A widely-shared graph about generational wealth is misleading, Professor Horpedahl says
An economics professor at the University of Arkansas said that a widely-shared graph about generational wealth differences is misleading. In fact, Millennials and Gen X are likely to end up wealthier than their parents.
Professor Jeremy Horpedahl said that the levels of student loan debt now could be used as a predictor for future income and wealth levels. Wealth is commonly calculated as assets minus liabilities.
“Millennials will be wealthier than Boomers once they hit their 40s is because they are a more educated generation, and thus will have higher potential earning power,” Horpedahl told The College Fix via email. “The fact that more young people today are going to college and getting more advanced degrees means that when they are in their 30s, they will have less wealth than past generations.”
“But by the time they get to their 40s, they probably now have at least a decade worth of working (and thus building wealth),” Horpedahl said. He said that “many have already paid off their student loans.”
He provided further analysis in a September blog post that addressed a graph based on a 2019 Washington Post article. But the graph shows up every few months, the professor said and needed to be corrected.
The chart shows that baby boomers have a higher share of the national wealth than Gen X’ers and Millennials.
“My prediction is that by the time Millennials are in their late 40s, they will even surpass Gen X in wealth. Why? The reason is counterintuitive: student debt,” Horpedahl said.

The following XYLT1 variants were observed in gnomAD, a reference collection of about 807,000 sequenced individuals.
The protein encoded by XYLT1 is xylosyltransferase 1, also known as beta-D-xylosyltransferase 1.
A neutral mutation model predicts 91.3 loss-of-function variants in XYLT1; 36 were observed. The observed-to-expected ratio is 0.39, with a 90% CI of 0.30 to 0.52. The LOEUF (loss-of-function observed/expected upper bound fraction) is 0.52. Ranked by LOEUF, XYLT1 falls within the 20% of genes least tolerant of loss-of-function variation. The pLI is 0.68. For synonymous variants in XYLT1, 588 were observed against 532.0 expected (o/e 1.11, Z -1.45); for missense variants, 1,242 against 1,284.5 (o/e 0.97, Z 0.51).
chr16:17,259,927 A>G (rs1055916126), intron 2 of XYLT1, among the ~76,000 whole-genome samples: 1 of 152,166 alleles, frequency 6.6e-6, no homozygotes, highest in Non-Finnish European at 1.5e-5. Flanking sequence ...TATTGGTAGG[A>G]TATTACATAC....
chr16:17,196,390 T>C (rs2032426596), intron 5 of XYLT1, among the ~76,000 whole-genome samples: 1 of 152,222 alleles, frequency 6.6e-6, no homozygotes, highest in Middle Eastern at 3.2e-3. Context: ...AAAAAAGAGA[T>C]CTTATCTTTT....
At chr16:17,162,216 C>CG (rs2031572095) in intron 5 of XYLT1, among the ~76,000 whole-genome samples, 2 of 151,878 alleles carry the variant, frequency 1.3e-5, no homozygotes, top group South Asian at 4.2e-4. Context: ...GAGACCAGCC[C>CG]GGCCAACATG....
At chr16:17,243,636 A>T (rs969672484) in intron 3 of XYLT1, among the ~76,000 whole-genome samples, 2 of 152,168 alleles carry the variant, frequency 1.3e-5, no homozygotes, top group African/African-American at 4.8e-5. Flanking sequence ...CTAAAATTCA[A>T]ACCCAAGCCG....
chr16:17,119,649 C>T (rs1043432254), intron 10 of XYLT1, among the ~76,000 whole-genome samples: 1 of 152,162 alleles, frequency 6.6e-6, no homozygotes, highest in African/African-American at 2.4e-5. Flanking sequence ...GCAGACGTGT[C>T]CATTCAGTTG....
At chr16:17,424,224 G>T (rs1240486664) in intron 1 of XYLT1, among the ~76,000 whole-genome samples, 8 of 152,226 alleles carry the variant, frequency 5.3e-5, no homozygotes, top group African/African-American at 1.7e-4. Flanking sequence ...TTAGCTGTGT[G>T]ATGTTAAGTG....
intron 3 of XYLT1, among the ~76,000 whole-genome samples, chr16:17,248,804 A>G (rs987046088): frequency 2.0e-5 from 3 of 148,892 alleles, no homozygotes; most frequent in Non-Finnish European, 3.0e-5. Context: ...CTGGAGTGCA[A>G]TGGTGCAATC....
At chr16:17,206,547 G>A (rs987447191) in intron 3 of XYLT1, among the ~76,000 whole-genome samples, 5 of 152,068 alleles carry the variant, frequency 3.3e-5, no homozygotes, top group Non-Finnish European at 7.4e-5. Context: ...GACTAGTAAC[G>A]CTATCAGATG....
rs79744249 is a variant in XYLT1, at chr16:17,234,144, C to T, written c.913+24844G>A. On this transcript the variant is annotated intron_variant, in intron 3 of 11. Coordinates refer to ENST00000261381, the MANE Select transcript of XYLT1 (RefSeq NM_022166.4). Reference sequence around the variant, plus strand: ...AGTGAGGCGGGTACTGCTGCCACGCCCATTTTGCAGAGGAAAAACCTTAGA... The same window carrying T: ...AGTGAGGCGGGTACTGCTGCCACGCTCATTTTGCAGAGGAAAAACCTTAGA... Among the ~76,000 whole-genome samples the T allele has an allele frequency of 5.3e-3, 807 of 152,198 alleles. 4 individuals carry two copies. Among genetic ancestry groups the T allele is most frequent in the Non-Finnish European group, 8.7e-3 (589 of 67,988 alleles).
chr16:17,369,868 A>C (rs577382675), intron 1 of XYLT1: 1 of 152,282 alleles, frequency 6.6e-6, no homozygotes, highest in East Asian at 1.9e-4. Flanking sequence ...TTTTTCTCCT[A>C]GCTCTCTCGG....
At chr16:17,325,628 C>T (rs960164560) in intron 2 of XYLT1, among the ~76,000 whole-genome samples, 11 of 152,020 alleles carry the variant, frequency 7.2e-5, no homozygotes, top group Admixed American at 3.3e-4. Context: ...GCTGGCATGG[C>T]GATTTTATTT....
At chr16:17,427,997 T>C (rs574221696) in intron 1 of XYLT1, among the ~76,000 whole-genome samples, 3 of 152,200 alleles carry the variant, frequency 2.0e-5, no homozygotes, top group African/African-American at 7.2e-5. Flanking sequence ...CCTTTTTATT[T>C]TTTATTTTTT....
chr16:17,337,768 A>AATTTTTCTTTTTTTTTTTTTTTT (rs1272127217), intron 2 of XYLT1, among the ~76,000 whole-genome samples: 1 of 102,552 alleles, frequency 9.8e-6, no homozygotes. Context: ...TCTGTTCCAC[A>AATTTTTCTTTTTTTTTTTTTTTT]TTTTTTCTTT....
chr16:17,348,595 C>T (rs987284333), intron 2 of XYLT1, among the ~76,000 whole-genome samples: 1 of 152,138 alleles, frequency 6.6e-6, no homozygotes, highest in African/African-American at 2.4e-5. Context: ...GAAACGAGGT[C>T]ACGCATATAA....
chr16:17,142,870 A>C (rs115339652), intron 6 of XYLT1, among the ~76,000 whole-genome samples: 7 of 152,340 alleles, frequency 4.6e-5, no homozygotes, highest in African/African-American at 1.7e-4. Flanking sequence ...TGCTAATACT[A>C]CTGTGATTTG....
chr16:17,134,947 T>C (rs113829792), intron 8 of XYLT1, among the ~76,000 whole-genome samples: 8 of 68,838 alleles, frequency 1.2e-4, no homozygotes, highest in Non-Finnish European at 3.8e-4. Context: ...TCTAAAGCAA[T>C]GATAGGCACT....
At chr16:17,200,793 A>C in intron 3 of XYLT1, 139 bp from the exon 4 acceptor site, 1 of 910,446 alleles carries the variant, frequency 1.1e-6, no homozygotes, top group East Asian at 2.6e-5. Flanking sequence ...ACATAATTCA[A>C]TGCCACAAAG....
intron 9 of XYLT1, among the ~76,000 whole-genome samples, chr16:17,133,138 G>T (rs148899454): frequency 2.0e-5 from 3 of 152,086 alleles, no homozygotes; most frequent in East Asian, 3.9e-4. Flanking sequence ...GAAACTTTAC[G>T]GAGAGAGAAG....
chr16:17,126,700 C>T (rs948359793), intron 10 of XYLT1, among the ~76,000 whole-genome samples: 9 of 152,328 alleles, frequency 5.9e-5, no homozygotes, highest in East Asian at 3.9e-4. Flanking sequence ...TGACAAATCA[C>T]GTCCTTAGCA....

“Right now, many Millennials (and some Gen Xers!) hold a lot of student debt. That goes on the liabilities side of the balance sheet,” the professor said. “But there is no corresponding asset showing up the balance sheet, but there is an asset: their human capital! Over their lifetime, that human capital will give them even greater earning potential in later life.”
“Much like Gen X basically tracked Boomers until their mid-40s, until their student loans were paid off, and their degrees (and graduate degrees!) really started to pay off in the labor market,” the economist said.
He told The Fix that some professions will have quick swings from high-level of debt to a high-level of income.
“[B]ecause so much of the debt is concentrated among graduate students, we will really see these swings in wealth being low when they are young (and still in school plus the decade or so after school), but then graduate degrees will really pay off over their entire working career,” he said.
“If we think about medical doctors, lawyers, and academic PhDs (like me), they may well be in school into their early 30s,” he told The College Fix. “So they’ll have lots of debt, but not much in terms of assets (yet). But their earnings will be so much higher over their working career, that by the time they retire they will have pulled very far ahead of past generations (and their peers who had only a 4-year degree or less).”
The economist concluded his blog with reassuring words for Millennials and their concerned (and wealthy) parents.
“Millennials! They are doing OK!”
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